DESERT RUN (excerpt from 'Lane and Mia')

Nasty’s had a little tournament going in the back room, a dozen guys chalking their sticks and pulling on beers around ten o’clock. Boris had staked out end seats at the bar.

“Polish sausage is on special,” Boris said when I walked up. We did the knuckle-fist touch. “Fries, pickles. Pretty good last time I had it.”

“Ate already.” Leaning in to the bar, I caught Slash’s eye. “Arnold Palmer, please.” He nodded. “Hey, Slash, put in some of those lemon wedges, okay?” Slash tapped the bar with his finger and went to the refrigerator. Nasty’s used real iced tea and homemade lemonade. Arnie would be proud. The pool balls at Nasty’s clicked in a rhythm sometimes all at once, four tables in back, a wooden thunk-click, balls in the pockets. A shout, a groan, a clink of beer glasses.

“So what is this place you got in mind?” I said. “Where is it, at the end of a dirt road?”

“We can get a game with some of these guys,” Boris said, nodding towards the pool tables. “Couple of guys we could take real easy.”

“Don’t want to waste karma. Got it all stored up where I need it. Pull it down like beer from a keg.”

“Jesus Christ. All right. Fuckin’ pool game, man. I could use the money.”

“Karma is like cash, dude, spiritual currency, to be used wisely and for the greater good and the enlightenment of the species.”

“And I thought you were off the medication. What’d you do, switch up to meth?”

“Hey, I’m not laughing, man. I spent three fuckin’ months at county getting shit together. Three months. Mia said I didn’t even know I was there half the time. In and out. Still got some work to do, though, dude. You’re going to help? Or no, you’re chickening out. Hmm?” The Arnold slid across the bar. “Thanks, Slash.” Slapped a five down next to the coaster.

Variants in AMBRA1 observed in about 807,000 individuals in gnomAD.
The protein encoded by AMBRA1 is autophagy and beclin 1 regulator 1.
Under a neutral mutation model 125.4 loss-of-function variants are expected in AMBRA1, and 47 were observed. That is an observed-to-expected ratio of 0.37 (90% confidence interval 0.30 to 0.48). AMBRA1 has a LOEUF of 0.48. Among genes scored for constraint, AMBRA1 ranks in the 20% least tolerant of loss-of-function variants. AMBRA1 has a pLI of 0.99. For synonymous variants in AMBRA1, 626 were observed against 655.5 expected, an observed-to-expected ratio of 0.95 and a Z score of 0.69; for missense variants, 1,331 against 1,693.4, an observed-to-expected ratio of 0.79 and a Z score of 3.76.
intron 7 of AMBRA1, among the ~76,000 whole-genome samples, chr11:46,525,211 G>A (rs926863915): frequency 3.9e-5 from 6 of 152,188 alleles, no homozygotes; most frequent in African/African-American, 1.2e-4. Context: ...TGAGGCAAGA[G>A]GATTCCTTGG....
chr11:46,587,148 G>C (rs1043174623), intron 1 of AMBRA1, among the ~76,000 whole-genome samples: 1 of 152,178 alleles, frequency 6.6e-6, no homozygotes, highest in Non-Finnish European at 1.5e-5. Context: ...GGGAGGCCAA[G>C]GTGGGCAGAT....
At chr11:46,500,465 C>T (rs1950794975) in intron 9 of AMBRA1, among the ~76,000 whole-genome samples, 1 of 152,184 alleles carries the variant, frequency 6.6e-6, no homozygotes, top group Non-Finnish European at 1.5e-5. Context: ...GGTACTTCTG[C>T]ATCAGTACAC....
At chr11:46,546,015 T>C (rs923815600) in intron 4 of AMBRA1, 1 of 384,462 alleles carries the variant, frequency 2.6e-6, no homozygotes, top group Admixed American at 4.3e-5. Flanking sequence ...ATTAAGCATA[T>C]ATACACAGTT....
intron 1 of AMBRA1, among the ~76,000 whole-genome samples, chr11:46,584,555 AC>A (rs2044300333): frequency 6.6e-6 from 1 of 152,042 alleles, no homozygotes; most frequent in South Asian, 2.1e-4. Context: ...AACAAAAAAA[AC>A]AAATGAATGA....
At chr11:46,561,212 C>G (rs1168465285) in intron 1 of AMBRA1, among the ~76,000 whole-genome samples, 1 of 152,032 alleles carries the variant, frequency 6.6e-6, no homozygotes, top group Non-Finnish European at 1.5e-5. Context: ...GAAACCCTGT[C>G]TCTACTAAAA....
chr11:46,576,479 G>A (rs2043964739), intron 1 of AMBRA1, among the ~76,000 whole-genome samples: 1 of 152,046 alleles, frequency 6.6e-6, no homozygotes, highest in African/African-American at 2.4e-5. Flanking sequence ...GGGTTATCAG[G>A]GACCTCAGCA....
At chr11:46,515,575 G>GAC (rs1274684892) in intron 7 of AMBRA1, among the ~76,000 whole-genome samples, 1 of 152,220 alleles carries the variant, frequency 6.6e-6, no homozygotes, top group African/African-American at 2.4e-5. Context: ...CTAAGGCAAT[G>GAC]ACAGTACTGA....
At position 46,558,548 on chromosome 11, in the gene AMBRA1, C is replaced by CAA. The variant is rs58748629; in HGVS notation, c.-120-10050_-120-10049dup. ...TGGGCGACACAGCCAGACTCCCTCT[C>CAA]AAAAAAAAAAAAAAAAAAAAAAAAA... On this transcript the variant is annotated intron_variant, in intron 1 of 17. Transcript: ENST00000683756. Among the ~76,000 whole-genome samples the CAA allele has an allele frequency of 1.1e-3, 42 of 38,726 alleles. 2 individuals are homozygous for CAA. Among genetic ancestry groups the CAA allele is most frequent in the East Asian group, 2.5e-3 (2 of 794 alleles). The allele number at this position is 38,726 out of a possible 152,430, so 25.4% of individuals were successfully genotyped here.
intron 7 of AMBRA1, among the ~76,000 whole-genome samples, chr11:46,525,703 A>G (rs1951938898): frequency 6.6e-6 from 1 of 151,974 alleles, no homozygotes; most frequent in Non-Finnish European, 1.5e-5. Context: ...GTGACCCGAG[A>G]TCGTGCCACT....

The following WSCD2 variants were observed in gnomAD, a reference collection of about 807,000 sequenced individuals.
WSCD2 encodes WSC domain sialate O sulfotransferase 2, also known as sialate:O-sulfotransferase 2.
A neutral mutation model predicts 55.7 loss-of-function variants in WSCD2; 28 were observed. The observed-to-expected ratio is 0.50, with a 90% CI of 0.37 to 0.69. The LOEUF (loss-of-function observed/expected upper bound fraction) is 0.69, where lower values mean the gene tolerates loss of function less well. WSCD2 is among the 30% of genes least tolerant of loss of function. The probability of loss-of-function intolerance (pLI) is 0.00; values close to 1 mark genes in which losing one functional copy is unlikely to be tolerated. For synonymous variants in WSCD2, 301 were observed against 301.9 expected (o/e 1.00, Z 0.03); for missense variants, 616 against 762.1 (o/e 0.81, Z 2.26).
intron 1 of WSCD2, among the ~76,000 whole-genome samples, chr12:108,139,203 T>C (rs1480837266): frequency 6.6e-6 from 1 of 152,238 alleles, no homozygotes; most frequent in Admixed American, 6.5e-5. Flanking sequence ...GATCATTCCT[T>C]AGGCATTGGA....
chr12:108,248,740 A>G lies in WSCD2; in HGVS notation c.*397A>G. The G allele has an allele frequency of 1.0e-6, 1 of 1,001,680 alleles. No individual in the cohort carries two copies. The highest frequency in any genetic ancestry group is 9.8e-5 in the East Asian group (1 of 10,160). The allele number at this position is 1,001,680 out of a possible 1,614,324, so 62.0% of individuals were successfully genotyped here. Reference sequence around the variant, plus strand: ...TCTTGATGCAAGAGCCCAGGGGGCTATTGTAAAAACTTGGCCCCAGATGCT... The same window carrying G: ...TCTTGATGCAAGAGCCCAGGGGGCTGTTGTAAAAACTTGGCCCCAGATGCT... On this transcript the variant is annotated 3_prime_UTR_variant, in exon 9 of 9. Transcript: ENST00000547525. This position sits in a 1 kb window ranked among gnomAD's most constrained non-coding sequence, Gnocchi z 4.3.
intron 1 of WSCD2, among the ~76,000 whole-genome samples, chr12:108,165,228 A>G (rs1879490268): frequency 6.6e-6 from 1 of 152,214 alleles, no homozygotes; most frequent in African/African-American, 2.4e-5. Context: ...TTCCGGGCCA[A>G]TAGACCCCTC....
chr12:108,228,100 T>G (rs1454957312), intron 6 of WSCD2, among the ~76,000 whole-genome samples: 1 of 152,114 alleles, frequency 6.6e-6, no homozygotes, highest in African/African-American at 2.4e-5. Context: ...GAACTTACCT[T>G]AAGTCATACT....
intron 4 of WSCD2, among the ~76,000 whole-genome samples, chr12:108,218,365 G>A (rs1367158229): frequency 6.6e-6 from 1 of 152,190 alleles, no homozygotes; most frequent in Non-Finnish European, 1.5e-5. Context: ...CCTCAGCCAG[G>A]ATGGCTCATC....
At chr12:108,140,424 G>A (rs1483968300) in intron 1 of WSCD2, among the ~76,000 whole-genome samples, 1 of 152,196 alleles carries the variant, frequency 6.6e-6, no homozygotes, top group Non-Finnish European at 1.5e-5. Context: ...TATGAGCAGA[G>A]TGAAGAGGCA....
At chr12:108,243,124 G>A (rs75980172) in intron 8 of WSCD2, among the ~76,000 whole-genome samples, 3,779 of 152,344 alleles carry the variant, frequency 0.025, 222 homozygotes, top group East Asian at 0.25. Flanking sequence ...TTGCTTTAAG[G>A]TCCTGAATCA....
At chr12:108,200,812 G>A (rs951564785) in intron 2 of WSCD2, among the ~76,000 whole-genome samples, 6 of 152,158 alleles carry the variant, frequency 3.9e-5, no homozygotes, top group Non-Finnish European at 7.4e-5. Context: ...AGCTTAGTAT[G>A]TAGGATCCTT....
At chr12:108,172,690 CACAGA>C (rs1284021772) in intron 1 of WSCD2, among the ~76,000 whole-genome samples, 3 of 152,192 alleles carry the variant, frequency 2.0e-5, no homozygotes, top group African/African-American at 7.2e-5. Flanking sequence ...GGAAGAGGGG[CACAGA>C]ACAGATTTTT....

Skinny long-haired freak at the front table snapped up a twenty from the rail, spun his cue stick like hands of a clock going twelve to six, then back the other way, Tom Cruise-style; ‘Color of Money’. Paul Newman was awesome in that movie. He and Jason Robards, Nicholson. Old dudes could play characters, defining the archetypes, cultural heroes we could depend on. Over and over. That was the cool thing about DVD’s. Lock in to something real, you watch it over and over, perfect it, learn it, master it. Sat there in my smoking jacket all day for a couple of weeks, ‘resting’, but I don’t waste time. Don’t waste time, don’t waste karma. Eventually, it all runs out. Just a matter of when.

Boris wanted that long haired freak, I could tell. Smelled money on the table, that was his problem. Couldn’t grasp the real issues, the bigger picture.

“Boris, tune your frequency, dude, I need you, man. Dial it down.” Boris turned from the pool tables back to the bar, put his finger up. Slash pulled a draft and set it down.

“One game man,” he said. “Just one game.”

“Where is this place, man? Where is this happening?”

“So you sat around all day watching ‘X-Files’?” Boris had foam around the top of his lip. “Got all pumped up nominating yourself for ‘alien abduction of the year’?”

“Uh, no. That’s not it dude.”

“Well this place, I’m telling you, nobody goes up there. We pop a tire or something, this time of year, morning comes, we fry.”

“You ever heard of a spare tire?”

“Why do you think I want to get a game here? Unlike you, Mr. Employed Truck Driver, I don’t have unlimited domestic funding.”

“And I don’t have unlimited time. I almost found that out. I did find that out.”

“Congratulations. Welcome to the human race.”

“Yeah, I’m alive. Great.” I leaned closer. “But how alive am I?”

“What are you, mixing shit now? Little meth, Arnie Palmers, what else? Splash of Karma on the rocks?”

Boris’s teeth were so fucking ugly, I really wanted him to consider an orthodontic-surgical approach, or a good pool cue to the jaw. That could be arranged.

“Thanks, Slash.” I slid the tall glass across the bar. Stood up.

“Sit down, man.” Boris pulled an index card out of his front shirt pocket. “Okay, okay. Come on.” He handed the card to me. It was yellow, light blue lines. In black ink; a time, a date, a GPS coordinate.

“I don’t have GPS,” I said. “That’s what this is?”

“Can you borrow one?”

I nodded. If I had to. They could locate us, then, I thought. GPS worked both ways. At least in this town. I didn’t say anything. Filed it away, kept it in my head. Go home, write everything out, dispose of the yellow index card, take a shower, clean off, wipe down. Jump in bed with Mia, lay my head on her beautiful thigh, the two of us arranged like a ‘T’.

1 comment:

spiker_writer said...

Love this, Kurt. This has the cool stylings of literary jazz, retro funk, and the grit-ology I've learned to love about your writing. These people swan dive off the page into my friggin' psyche, Man. Rack 'em, Big Baddy! This tease left me yearnin' for more.